Currently, the use of CAM is voluntary and is put into action at the request of a producer. A producer contacts a designated ISU Extension livestock specialist and requests that CAM models a prospective site (or sites). The specialist interviews the producer (usually in person at the prospective site) to gather input data in order to map potential sites relative to community receptors and existing animal-related odor sources. ISU Department of Agricultural Biosystems Engineering faculty members then implement CAM, analyze results, and produce a one-page report. During a follow-up visit with the producer, results are thoroughly explained.
The cost of CAM is roughly $1,000 per site (mainly Extension and faculty time) and is currently borne by ISU and CSIF. Once the results are explained to producers, if a site is deemed acceptable and the producer plans to continue with site development, producers are encouraged to share model results with neighbors to explain their planning process and the steps being taken to proactively minimize risk of odor exposure to surrounding areas.
Evaluating Decision-Support System Tools in Agriculture
Decision-support systems such as CAM that link producers to sound, science-based information can facilitate the implementation of effective environmental stewardship (Harrison, Kanade, & Toney, 2004). Yet the most powerful decision-support tools have no impact if they are not used. As noted by Newman, Lynch, and Plummer (2000), despite the various benefits of using technical decision-support systems, these systems are often not widely used.
Some of the reasons behind the low adoption of DSS within agriculture have been listed by Newman et al. (2000) and Walker (2002) and are as follows.
- Farmers' perception of limited reason for changing current management methods,
- Limited opportunity and support for learning about and troubleshooting tool usage,
- Complexity of decision implications as guided by tools,
- Distrust for the output of such tools because producers do not understand the underlying theories of the models,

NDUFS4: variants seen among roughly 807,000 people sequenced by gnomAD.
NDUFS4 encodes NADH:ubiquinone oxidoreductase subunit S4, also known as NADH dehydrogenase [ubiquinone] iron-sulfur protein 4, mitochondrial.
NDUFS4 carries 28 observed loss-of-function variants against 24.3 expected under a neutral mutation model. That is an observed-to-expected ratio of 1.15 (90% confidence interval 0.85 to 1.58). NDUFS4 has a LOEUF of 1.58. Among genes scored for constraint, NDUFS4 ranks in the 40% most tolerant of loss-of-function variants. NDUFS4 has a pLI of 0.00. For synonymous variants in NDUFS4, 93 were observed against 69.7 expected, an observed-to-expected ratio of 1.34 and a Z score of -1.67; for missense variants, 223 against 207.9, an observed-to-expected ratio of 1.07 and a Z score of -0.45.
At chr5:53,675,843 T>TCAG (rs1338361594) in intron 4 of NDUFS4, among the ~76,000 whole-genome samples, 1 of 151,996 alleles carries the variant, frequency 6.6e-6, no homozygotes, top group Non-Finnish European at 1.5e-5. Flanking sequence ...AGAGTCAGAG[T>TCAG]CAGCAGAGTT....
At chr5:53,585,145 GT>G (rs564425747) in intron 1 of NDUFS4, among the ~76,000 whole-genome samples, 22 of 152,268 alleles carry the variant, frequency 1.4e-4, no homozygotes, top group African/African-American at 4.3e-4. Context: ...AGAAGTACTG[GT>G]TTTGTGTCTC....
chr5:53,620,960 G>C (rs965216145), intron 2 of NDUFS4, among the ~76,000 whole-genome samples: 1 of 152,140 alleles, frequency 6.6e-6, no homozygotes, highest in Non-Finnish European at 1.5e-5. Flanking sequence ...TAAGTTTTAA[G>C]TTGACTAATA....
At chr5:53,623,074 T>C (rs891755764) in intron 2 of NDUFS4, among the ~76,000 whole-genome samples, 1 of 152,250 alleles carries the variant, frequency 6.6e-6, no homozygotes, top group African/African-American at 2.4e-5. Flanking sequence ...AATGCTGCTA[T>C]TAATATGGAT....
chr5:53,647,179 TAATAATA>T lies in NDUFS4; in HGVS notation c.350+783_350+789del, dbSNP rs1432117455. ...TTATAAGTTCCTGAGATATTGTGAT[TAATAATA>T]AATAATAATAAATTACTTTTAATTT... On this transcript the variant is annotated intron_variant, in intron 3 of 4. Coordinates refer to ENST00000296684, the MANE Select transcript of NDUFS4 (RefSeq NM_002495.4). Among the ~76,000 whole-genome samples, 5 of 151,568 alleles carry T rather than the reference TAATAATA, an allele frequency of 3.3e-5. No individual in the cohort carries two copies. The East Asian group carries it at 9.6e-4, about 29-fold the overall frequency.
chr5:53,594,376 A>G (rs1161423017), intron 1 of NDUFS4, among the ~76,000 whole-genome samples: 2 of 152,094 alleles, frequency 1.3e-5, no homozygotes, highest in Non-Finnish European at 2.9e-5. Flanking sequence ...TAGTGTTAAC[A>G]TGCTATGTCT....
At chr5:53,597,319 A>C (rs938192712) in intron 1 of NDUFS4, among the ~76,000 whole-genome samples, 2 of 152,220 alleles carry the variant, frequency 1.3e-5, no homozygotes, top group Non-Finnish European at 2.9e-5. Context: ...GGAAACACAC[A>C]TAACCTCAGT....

- Tendency to treat tools as "black-boxes" that effectively remove users from responsibility.
The use of CAM as a DSS for odor risk management, however, appears to counter many of these listed factors in that: 1) the legal and economic impetus for odor risk management as facilitated by CAM is paramount to the viability of any production facility; 2) while voluntary, the use of CAM is facilitated by three of the primary livestock Extension/support entities in Iowa and will soon be hard-lined into facility siting protocols at the state level; 3) while the CAM modeling process is complex and environmental risk in general is complex, the bottom-line results of CAM are relatively straight forward in presentation; 4) distrust of model output should be minimal as model facilitators are explicitly in place to support a socially and economically healthy livestock industry in Iowa.
All of this points to expanded use of CAM. The issue for CAM outreach is to continually seek ways to improve efficiency and clarity of process particularly in light of expanding Extension programming needs. In order for hog producers to use the information encompassed within the modeling process, they need to understand what the model is doing and ultimately concluding (Anderson & Feder, 2004; Douglah, 1998).
In order to evaluate CAM we have undertaken the collection of key stakeholder information for the purpose of making decisions regarding program approach and to improve effectiveness of the outreach process. Ultimately while the engineering side of CAM is judged in terms of accuracy and precision, from the standpoint of applied science, usefulness to producers in making better decisions becomes the primary test (Carberry et al., 2002). As such, program evaluation should be integral to program accountability (Petheram, 1998; Koelsch, Howard, Pritchard, & Hay, 2000). Specifically, Harrison and Toney (2004) noted that if Extension programming is to efficiently deliver information then it is necessary to listen to the "voice" of the customer.
Therefore, to evaluate our outreach programming and assess the impact that CAM has on producer decision-making and outcomes, we employed a straightforward CAM user survey. The survey was designed to provide information from two different, but critical user perspectives (Radhakrishna & Relado, 2009): 1) formative information that will be used to make improvements in programming efficiency and usability and 2) summative feedback in the form of a general assessment of the broader impact that CAM has had on reducing odor related conflict.
Out of the 150 producers who have had production sites modeled in Iowa between 2005 and 2008, 75 producers were identified as having had enough time since modeling to provide hindsight observations about the modeling process and discuss their opinions regarding post-modeling outcomes. The survey was conducted via telephone interviews and followed Dillman, Smyth, and Christian (2008) tailored design telephone survey protocols. Professional interviewers with the Center for Survey Statistics and Methodology (Iowa State University Department of Statistics) collected data in the Fall of 2008. Interviews were completed with contact people for 62 of the facilities, for a response rate of 83%. All data were compiled and analyzed using SPSS 17. Descriptive frequencies are presented below.